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By Kirsten Donovan
LONDON - Britain would be foolish to walk away from the European Union without an agreed deal, an EU law specialist said on Wednesday, despite Brexit minister David Davis saying earlier that such a scenario would not be as frightening as some people think.
Speaking in the Reuters Global Markets Forum, Michael Dougan, Professor of European Law at Liverpool University, said it was in the UK's and EU's mutual interest to sort out questions about commitments and liabilities, the position of current migrants, and international agreements where UK interests are dependent on the EU.
Here are excerpts from the conversation:
Question: What happens if there is no deal?
Answer: If we walk away with no deal, we would be inflicting a massive dislocation upon our international relations across a wide range of sectors and interests, now and into the future... The government claims that it wants to be a global power and champion of free trade. If we cannot even negotiate with our closest partners and allies in good faith to resolve key issues what message does it send to the rest of the world about the UK as a serious/credible/reliable partner?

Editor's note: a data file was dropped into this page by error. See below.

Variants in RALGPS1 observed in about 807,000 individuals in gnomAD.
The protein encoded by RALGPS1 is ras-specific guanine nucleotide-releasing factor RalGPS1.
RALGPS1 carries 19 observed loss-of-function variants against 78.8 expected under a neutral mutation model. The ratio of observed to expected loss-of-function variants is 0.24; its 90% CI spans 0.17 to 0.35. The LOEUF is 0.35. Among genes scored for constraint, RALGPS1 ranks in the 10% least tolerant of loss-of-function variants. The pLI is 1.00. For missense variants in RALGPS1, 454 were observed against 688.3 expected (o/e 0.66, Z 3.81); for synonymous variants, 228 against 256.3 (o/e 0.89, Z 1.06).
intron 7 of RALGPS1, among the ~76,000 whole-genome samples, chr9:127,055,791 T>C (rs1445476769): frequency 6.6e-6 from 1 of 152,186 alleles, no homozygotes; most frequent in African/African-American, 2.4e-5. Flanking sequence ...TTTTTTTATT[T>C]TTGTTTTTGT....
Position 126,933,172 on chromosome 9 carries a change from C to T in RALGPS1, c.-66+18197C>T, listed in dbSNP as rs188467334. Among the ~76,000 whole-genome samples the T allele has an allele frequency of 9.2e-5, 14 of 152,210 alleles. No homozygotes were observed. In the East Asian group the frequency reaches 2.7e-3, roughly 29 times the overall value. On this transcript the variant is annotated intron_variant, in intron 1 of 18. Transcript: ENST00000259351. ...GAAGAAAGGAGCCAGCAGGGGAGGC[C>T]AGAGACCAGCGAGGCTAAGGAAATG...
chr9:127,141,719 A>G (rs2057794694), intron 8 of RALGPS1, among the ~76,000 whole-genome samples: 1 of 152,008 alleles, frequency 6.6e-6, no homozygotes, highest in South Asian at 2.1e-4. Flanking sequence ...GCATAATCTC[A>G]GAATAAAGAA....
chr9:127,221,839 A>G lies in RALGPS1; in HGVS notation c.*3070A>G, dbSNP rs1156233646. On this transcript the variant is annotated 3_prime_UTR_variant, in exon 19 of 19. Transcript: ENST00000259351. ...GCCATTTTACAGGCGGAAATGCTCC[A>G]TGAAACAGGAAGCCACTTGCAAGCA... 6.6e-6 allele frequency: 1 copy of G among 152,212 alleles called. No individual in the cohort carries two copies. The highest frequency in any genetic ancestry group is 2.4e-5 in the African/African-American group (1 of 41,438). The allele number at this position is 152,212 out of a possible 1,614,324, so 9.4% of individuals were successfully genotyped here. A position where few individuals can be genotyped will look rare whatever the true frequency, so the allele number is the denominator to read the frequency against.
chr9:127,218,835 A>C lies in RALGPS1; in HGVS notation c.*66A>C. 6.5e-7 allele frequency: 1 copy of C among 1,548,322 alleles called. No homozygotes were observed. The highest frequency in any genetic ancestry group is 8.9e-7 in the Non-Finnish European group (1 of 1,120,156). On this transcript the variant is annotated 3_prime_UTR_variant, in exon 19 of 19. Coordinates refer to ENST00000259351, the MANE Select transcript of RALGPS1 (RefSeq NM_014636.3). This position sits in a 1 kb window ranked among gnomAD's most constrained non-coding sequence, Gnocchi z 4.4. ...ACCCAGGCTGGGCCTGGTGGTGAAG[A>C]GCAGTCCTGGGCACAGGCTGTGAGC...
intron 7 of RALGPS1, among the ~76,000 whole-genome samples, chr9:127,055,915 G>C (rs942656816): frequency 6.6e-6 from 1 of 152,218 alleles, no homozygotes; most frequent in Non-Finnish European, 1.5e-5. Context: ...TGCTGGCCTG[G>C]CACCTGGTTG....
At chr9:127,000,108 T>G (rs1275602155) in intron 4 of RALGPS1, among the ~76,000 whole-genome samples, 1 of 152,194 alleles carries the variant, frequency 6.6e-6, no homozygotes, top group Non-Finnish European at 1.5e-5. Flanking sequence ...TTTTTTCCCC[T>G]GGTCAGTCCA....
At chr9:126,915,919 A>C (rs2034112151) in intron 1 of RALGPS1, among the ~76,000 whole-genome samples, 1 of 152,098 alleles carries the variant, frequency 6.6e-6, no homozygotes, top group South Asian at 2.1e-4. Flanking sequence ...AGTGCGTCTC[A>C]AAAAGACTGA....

Q: Is it realistic for the British province of Northern Ireland and EU-member the Irish Republic not to have border checks if the UK leaves the single market?
A: The EU applies a single customs approach to the entire customs frontier. There can be special deals on cooperation between the EU and a third country to maximise cooperation and minimise disruption but, as things stand, it seems inevitable that there will be some form of customs control between Ireland and the UK, including Northern Ireland. Ireland - and the UK - will seek as good a deal as possible. But it will be a customs border and customs borders have checks.
Q: Are there any estimates of how much damage could be done to Ulster's economy if there is no agreement?
A: (The views) are pretty unanimous. The Northern Irish economy is especially vulnerable. Not just because of the border, or even general trade disruption from leaving the single market, also because of, for example, reliance upon EU funding for agriculture; reliance upon public sector employment etc.
Q: Playing devil's advocate - maybe (walking away without a deal) sends a message about the EU rather than about the UK?
A: That depends on who does the walking and why. At the moment, the (UK) government is making unrealistic demands within unfeasible timescales. If we continue on that path, the blame for failure should lie squarely with the UK government.
Q: Everything you've said makes me think there's rather a disconnect between politics and the law...
A: Much of the UK political debate is detached from understanding the constitutional, legal and regulatory issues which face both the UK and the EU - issues which impose serious constraints upon what is feasible and indeed what is even possible.
(This interview was conducted in the Reuters Global Markets Forum, a chat room hosted on the Eikon platform. For more information on the forum or to join the conversation, follow this link: https://forms.thomsonreuters.com/communities/)
(Editing by Ken Ferris)
(This story has not been edited by Business Standard staff and is auto-generated from a syndicated feed.)